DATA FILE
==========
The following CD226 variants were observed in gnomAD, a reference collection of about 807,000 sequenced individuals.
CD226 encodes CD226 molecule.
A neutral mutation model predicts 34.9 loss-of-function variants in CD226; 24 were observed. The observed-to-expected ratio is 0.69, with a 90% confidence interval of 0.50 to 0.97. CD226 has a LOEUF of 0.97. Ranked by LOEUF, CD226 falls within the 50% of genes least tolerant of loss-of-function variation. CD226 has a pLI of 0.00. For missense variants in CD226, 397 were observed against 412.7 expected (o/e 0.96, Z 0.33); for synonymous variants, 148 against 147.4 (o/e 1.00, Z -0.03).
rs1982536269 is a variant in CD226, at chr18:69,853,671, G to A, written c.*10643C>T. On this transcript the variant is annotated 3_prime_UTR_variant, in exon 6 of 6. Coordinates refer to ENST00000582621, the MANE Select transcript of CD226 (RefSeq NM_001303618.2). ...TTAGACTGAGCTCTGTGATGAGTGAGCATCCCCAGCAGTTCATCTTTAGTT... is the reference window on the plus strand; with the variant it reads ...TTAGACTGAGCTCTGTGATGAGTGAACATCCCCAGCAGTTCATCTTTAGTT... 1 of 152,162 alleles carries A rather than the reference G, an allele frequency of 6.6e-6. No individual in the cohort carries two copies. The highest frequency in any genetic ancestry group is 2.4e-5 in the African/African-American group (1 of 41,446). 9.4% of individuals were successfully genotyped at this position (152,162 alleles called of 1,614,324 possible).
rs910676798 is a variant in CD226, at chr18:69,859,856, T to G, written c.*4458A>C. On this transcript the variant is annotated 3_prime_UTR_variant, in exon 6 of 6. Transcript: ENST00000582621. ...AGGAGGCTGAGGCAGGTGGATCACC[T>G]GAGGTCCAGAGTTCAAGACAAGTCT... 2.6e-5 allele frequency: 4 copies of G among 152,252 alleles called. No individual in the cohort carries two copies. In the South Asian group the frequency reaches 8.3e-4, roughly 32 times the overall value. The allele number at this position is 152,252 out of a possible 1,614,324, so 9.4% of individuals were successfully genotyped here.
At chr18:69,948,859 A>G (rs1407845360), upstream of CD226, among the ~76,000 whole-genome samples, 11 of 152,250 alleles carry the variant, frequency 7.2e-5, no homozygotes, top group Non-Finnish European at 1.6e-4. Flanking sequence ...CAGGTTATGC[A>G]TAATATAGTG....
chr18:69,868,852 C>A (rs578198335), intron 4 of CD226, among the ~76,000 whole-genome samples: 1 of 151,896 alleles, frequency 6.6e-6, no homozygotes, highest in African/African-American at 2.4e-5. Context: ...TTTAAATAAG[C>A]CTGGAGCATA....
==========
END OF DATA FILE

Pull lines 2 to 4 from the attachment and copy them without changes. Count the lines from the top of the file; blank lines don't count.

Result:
CD226 encodes CD226 molecule.
A neutral mutation model predicts 34.9 loss-of-function variants in CD226; 24 were observed. The observed-to-expected ratio is 0.69, with a 90% confidence interval of 0.50 to 0.97. CD226 has a LOEUF of 0.97. Ranked by LOEUF, CD226 falls within the 50% of genes least tolerant of loss-of-function variation. CD226 has a pLI of 0.00. For missense variants in CD226, 397 were observed against 412.7 expected (o/e 0.96, Z 0.33); for synonymous variants, 148 against 147.4 (o/e 1.00, Z -0.03).
rs1982536269 is a variant in CD226, at chr18:69,853,671, G to A, written c.*10643C>T. On this transcript the variant is annotated 3_prime_UTR_variant, in exon 6 of 6. Coordinates refer to ENST00000582621, the MANE Select transcript of CD226 (RefSeq NM_001303618.2). ...TTAGACTGAGCTCTGTGATGAGTGAGCATCCCCAGCAGTTCATCTTTAGTT... is the reference window on the plus strand; with the variant it reads ...TTAGACTGAGCTCTGTGATGAGTGAACATCCCCAGCAGTTCATCTTTAGTT... 1 of 152,162 alleles carries A rather than the reference G, an allele frequency of 6.6e-6. No individual in the cohort carries two copies. The highest frequency in any genetic ancestry group is 2.4e-5 in the African/African-American group (1 of 41,446). 9.4% of individuals were successfully genotyped at this position (152,162 alleles called of 1,614,324 possible).